“Art education is an extremely precarious process. Students and lecturers are continually feeling around for something that can be meaningful or significant to hold on to.
However, this does not imply incompetence, ignorance or laziness. It is simply one of the main values of art education that everything must be rediscovered over and over again.
But at the same time, the government is looking for concrete issues in society. Depending on which way the political wind is blowing, we run the risk of this society being viewed as a market, rather than as a world.” – Erik DeJong.
This year the Conference on Cultural and Creative Industries is going to focus on 3 topics; Art Education & entrepreneurship, how a city could support its talent and what is the current situation of Cultural industries in small cities.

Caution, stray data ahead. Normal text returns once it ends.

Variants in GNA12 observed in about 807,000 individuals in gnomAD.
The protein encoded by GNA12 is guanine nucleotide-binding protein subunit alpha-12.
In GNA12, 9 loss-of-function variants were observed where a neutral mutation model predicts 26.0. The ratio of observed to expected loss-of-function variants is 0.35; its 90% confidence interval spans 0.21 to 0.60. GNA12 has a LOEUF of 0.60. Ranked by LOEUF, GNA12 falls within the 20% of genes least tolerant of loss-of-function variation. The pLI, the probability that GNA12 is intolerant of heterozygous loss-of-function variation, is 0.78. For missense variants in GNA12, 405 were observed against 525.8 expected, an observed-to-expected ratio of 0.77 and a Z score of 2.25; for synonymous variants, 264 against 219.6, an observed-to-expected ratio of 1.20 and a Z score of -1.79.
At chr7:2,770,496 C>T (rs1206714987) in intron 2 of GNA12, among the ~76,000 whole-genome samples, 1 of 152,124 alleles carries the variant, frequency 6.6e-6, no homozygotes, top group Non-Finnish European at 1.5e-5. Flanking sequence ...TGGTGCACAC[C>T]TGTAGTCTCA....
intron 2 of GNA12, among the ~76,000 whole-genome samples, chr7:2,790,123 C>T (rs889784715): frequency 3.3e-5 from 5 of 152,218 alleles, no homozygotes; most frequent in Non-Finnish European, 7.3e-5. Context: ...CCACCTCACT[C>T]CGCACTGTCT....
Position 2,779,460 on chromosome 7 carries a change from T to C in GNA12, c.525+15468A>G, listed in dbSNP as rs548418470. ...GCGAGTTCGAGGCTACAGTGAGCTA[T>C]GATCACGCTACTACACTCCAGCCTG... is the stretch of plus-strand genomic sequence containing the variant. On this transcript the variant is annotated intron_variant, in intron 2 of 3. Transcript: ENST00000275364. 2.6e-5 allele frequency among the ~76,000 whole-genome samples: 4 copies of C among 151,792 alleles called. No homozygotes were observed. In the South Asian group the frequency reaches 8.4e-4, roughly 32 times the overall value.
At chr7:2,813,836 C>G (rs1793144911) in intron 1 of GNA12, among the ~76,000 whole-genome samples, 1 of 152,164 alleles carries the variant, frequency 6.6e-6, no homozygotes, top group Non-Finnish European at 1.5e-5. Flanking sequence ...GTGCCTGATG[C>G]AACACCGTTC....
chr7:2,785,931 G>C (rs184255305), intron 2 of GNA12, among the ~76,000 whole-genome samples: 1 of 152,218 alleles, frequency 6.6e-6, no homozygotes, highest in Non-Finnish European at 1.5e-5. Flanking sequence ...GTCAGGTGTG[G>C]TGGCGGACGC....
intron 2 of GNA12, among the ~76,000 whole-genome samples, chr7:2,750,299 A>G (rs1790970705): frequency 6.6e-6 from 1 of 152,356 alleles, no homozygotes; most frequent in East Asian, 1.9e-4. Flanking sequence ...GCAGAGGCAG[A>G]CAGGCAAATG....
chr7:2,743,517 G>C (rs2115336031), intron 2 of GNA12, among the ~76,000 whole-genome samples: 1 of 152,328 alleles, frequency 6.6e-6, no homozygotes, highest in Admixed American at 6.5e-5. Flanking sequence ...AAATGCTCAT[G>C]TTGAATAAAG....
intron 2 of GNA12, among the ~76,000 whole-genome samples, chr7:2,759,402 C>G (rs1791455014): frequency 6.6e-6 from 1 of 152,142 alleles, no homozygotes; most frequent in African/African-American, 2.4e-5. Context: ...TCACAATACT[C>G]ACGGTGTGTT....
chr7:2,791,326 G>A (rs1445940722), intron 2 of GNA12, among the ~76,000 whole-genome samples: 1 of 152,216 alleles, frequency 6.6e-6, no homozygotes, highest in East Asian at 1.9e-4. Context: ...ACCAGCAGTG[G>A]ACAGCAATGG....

Since a couple of years, the following questions are on the table of discussion of art academies, cities and even higher levels of government.
Do art graduates need business/entrepreneurial skills to become successful? Is it the responsibility of the academy to teach these skills? If not, whose is it?
What are the most important skills art graduates need in order to develop their career?
What is the most important factor for a city to have in order to create a vibrant and sustainable creative culture?
Is it possible for a peripheral/small city to create such a culture?
When can we speak of a successful cultural and creative environment?
Through great real life examples and a meaningful discussion, The Artist and the Others initiatied and realised two conferences focused to find possible solutions to these questions.